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Sapphire displays for iPhone 6 may be hard to come by: report

John Cox | Aug. 7, 2014
Whether Apple can deliver the iPhone 6 with super-tough synthetic sapphire displays is still very much up in the air, according to a press release from a research firm that tracks the materials industry. Unspecified "bottlenecks at various levels" of the sapphire production process mean that Apple may limit this year's introduction of sapphire iPhone displays or possibly even scrap the plan.

Whether Apple can deliver the iPhone 6 with super-tough synthetic sapphire displays is still very much up in the air, according to a press release from a research firm that tracks the materials industry. Unspecified "bottlenecks at various levels" of the sapphire production process mean that Apple may limit this year's introduction of sapphire iPhone displays or possibly even scrap the plan.

Apple is achieving its goal of reducing the cost of the displays, down to about $16 for a finished 4.7-inch cover, according to estimates by Eric Virey, senior analyst with Lyon, France-based Yole Développement, a market research firm, which issued a press release summary excerpting some data from Virey's most recent report, "Sapphire Applications & Market: from LED and to Consumer Electronic report," August 2014 edition. (The full report is available for a charge at the Yole website.)

Apple, and its sapphire furnace partner GT Advanced Technologies, have been adding capacity and ramping up sapphire production at a new factory in Mesa, Ariz. But they face challenges because of the sheer scale of creating sapphire covers for millions of smartphones, possibly in the two sizes that Virey says Apple will introduce later this year: with 4.7- and 5.5-inch screens. Sapphire is second in hardness only to diamond, so sapphire smartphone screens would be more resistant to scratching and breaking than even the treated glass, such as Corning Gorilla Glass, used today. [See our in-depth report "How Apple's billion dollar sapphire bet will pay off" and a companion slideshow on sapphire production, "Here's how Apple is spending $1 billion on sapphire"]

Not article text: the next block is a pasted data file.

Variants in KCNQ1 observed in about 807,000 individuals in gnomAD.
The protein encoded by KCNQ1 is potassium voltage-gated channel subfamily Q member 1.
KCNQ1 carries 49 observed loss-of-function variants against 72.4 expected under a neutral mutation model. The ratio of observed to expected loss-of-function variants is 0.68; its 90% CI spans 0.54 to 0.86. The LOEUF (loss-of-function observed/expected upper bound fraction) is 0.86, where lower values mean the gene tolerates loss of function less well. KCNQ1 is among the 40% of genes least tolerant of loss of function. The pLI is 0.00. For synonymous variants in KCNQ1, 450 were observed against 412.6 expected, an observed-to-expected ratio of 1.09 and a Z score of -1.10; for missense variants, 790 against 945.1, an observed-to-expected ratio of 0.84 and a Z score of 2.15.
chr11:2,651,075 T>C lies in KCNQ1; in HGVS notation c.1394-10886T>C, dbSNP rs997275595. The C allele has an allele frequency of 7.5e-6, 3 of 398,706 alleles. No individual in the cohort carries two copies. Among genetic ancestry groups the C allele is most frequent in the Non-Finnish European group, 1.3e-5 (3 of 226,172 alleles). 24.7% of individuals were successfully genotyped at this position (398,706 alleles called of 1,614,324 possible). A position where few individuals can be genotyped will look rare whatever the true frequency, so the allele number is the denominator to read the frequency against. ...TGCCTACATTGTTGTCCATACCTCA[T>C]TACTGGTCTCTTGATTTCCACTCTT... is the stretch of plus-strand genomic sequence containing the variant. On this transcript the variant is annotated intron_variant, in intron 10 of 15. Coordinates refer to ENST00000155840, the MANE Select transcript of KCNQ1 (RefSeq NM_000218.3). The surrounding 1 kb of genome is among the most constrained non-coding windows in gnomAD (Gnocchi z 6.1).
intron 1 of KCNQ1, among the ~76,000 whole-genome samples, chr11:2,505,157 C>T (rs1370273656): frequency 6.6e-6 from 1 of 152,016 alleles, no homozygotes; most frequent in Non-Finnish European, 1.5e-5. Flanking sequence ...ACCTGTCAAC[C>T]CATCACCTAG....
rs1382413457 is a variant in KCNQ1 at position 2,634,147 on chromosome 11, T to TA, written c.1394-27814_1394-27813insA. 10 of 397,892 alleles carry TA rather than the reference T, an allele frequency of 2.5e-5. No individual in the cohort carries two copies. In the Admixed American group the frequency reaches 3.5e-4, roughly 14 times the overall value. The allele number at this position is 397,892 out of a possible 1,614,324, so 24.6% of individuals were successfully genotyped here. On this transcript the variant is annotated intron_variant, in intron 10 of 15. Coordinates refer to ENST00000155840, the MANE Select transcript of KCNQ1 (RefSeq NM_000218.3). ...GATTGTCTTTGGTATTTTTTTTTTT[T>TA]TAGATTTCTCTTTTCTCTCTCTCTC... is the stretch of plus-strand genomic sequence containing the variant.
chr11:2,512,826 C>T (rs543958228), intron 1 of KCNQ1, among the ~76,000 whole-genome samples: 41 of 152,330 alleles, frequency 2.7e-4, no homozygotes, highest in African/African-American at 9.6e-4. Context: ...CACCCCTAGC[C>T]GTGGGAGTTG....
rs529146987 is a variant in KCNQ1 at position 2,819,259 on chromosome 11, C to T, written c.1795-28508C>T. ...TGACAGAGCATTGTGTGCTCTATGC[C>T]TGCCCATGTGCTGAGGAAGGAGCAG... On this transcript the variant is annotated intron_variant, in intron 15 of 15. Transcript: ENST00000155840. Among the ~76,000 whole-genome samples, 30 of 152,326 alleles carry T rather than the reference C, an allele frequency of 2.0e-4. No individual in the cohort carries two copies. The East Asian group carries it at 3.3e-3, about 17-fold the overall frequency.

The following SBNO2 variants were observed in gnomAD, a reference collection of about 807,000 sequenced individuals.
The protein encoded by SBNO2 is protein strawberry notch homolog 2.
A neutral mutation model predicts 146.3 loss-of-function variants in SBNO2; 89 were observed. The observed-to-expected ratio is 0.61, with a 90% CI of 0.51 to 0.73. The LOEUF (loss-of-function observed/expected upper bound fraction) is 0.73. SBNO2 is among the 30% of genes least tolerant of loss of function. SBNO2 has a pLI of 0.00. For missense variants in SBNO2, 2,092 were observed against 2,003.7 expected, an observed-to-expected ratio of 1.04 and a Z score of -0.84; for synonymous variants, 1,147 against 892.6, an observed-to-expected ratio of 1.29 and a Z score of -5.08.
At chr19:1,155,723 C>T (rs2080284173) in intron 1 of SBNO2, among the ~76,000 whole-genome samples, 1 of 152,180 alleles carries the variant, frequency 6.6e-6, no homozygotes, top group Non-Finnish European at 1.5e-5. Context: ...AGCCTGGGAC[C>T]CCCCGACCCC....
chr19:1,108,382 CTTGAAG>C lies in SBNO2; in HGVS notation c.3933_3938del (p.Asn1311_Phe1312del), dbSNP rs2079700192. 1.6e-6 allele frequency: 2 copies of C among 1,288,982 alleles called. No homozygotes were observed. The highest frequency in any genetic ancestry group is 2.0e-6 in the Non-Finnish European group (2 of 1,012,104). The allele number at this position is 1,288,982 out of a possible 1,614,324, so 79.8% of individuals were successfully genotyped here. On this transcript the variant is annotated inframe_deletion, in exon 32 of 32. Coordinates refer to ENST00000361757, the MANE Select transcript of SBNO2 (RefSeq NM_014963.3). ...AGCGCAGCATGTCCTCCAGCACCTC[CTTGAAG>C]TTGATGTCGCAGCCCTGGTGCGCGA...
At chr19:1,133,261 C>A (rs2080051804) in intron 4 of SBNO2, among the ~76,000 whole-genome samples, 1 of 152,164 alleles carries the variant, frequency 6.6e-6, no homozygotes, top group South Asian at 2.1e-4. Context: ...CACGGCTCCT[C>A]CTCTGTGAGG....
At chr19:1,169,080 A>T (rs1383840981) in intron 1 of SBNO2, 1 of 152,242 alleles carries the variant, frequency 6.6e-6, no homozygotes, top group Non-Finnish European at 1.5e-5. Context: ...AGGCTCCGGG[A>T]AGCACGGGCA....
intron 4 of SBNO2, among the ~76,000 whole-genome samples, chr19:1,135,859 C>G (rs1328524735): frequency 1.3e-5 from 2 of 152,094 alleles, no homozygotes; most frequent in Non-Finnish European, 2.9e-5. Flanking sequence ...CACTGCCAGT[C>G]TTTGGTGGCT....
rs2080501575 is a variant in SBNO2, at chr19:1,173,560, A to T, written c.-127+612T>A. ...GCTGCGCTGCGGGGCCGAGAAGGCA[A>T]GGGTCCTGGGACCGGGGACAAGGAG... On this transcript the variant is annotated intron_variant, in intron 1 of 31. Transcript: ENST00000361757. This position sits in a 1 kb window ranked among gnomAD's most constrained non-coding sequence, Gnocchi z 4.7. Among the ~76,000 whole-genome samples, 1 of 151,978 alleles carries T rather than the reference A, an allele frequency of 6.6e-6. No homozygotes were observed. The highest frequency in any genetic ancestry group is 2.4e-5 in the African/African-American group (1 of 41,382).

The two companies announced their partnership in November. Yole concluded that the scale of the planned operation meant Apple was moving far beyond using small pieces of sapphire, sourced from existing producers, to protect iPhone and iPad camera lenses, and the fingerprint scanner integrated with the iPhone 5s home button. The investment's goal, according to Yole, "is to produce sapphire display covers for cell phones."

"We believe that prices for the sapphire cover have been agreed upon and locked by contract, based on yield assumptions reflecting reasonable expectations from all partners," Virey says in the press release. "We used yield assumptions derived from other Tier-1 sapphire makers in the LED industry [where sapphire is widely used as a substrate] to model the cost for both sizes. For the finished 4.7" display, we estimate a cost of $16, including $6.7 at the slab (material) level. On the longer term, we see a path for [less than] $13."

Based on those same assumptions, Virey estimates that Apple's supply chain — which has to make big investments in equipment to cut, shape, smooth, and polish a material much harder than the more conventional treated glass covers "could deliver more than 5 million display covers per month."

 

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